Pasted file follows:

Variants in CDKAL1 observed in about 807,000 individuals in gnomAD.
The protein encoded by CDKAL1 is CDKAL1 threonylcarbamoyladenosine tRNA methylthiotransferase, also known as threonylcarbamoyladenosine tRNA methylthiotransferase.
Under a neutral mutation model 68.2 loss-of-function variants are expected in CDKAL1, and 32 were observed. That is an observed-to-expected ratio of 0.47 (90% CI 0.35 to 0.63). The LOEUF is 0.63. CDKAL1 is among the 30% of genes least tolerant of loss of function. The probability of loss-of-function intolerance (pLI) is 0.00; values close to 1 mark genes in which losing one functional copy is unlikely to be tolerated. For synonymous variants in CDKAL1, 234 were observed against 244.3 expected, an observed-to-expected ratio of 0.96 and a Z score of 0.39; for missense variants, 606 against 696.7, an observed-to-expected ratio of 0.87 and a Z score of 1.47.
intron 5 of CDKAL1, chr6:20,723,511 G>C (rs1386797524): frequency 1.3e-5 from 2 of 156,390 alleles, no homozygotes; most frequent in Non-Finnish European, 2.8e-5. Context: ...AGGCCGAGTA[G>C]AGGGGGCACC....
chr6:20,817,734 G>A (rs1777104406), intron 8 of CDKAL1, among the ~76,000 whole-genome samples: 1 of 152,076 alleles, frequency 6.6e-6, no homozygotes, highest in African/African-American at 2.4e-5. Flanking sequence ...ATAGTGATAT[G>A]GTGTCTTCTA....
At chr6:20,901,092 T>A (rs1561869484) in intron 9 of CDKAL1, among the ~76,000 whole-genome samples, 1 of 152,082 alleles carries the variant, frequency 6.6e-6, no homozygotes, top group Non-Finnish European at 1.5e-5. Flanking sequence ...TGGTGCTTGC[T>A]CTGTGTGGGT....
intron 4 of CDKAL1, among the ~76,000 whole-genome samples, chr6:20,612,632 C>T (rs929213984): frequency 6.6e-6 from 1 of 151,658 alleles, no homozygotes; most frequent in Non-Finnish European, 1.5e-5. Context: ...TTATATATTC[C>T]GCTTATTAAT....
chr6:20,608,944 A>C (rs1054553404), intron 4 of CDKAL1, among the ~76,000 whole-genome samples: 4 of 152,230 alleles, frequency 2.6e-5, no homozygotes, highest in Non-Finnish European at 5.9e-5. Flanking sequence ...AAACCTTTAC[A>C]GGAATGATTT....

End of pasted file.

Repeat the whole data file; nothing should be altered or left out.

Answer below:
Variants in CDKAL1 observed in about 807,000 individuals in gnomAD.
The protein encoded by CDKAL1 is CDKAL1 threonylcarbamoyladenosine tRNA methylthiotransferase, also known as threonylcarbamoyladenosine tRNA methylthiotransferase.
Under a neutral mutation model 68.2 loss-of-function variants are expected in CDKAL1, and 32 were observed. That is an observed-to-expected ratio of 0.47 (90% CI 0.35 to 0.63). The LOEUF is 0.63. CDKAL1 is among the 30% of genes least tolerant of loss of function. The probability of loss-of-function intolerance (pLI) is 0.00; values close to 1 mark genes in which losing one functional copy is unlikely to be tolerated. For synonymous variants in CDKAL1, 234 were observed against 244.3 expected, an observed-to-expected ratio of 0.96 and a Z score of 0.39; for missense variants, 606 against 696.7, an observed-to-expected ratio of 0.87 and a Z score of 1.47.
intron 5 of CDKAL1, chr6:20,723,511 G>C (rs1386797524): frequency 1.3e-5 from 2 of 156,390 alleles, no homozygotes; most frequent in Non-Finnish European, 2.8e-5. Context: ...AGGCCGAGTA[G>C]AGGGGGCACC....
chr6:20,817,734 G>A (rs1777104406), intron 8 of CDKAL1, among the ~76,000 whole-genome samples: 1 of 152,076 alleles, frequency 6.6e-6, no homozygotes, highest in African/African-American at 2.4e-5. Flanking sequence ...ATAGTGATAT[G>A]GTGTCTTCTA....
At chr6:20,901,092 T>A (rs1561869484) in intron 9 of CDKAL1, among the ~76,000 whole-genome samples, 1 of 152,082 alleles carries the variant, frequency 6.6e-6, no homozygotes, top group Non-Finnish European at 1.5e-5. Flanking sequence ...TGGTGCTTGC[T>A]CTGTGTGGGT....
intron 4 of CDKAL1, among the ~76,000 whole-genome samples, chr6:20,612,632 C>T (rs929213984): frequency 6.6e-6 from 1 of 151,658 alleles, no homozygotes; most frequent in Non-Finnish European, 1.5e-5. Context: ...TTATATATTC[C>T]GCTTATTAAT....
chr6:20,608,944 A>C (rs1054553404), intron 4 of CDKAL1, among the ~76,000 whole-genome samples: 4 of 152,230 alleles, frequency 2.6e-5, no homozygotes, highest in Non-Finnish European at 5.9e-5. Flanking sequence ...AAACCTTTAC[A>C]GGAATGATTT....